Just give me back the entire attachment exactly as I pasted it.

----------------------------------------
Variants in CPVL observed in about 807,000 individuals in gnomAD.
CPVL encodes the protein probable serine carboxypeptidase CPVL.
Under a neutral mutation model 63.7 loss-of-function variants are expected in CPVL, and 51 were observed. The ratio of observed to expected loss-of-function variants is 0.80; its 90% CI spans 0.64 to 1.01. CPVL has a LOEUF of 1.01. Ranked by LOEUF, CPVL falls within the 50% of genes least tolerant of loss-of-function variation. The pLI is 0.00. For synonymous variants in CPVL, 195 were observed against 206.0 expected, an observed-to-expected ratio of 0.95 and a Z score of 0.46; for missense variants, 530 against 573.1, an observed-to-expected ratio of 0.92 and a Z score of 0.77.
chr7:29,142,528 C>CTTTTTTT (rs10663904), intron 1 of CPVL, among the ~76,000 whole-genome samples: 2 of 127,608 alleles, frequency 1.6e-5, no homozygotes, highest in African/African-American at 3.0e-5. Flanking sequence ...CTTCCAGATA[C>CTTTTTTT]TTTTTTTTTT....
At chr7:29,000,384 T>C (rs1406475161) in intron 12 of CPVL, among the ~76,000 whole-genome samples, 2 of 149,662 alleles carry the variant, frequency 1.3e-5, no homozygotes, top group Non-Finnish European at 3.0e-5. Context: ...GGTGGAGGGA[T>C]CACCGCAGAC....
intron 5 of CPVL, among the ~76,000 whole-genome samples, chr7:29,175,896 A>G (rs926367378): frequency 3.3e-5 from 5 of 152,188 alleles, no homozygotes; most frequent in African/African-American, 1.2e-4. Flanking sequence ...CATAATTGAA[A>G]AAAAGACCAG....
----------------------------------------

Variants in CPVL observed in about 807,000 individuals in gnomAD.
CPVL encodes the protein probable serine carboxypeptidase CPVL.
Under a neutral mutation model 63.7 loss-of-function variants are expected in CPVL, and 51 were observed. The ratio of observed to expected loss-of-function variants is 0.80; its 90% CI spans 0.64 to 1.01. CPVL has a LOEUF of 1.01. Ranked by LOEUF, CPVL falls within the 50% of genes least tolerant of loss-of-function variation. The pLI is 0.00. For synonymous variants in CPVL, 195 were observed against 206.0 expected, an observed-to-expected ratio of 0.95 and a Z score of 0.46; for missense variants, 530 against 573.1, an observed-to-expected ratio of 0.92 and a Z score of 0.77.
chr7:29,142,528 C>CTTTTTTT (rs10663904), intron 1 of CPVL, among the ~76,000 whole-genome samples: 2 of 127,608 alleles, frequency 1.6e-5, no homozygotes, highest in African/African-American at 3.0e-5. Flanking sequence ...CTTCCAGATA[C>CTTTTTTT]TTTTTTTTTT....
At chr7:29,000,384 T>C (rs1406475161) in intron 12 of CPVL, among the ~76,000 whole-genome samples, 2 of 149,662 alleles carry the variant, frequency 1.3e-5, no homozygotes, top group Non-Finnish European at 3.0e-5. Context: ...GGTGGAGGGA[T>C]CACCGCAGAC....
intron 5 of CPVL, among the ~76,000 whole-genome samples, chr7:29,175,896 A>G (rs926367378): frequency 3.3e-5 from 5 of 152,188 alleles, no homozygotes; most frequent in African/African-American, 1.2e-4. Flanking sequence ...CATAATTGAA[A>G]AAAAGACCAG....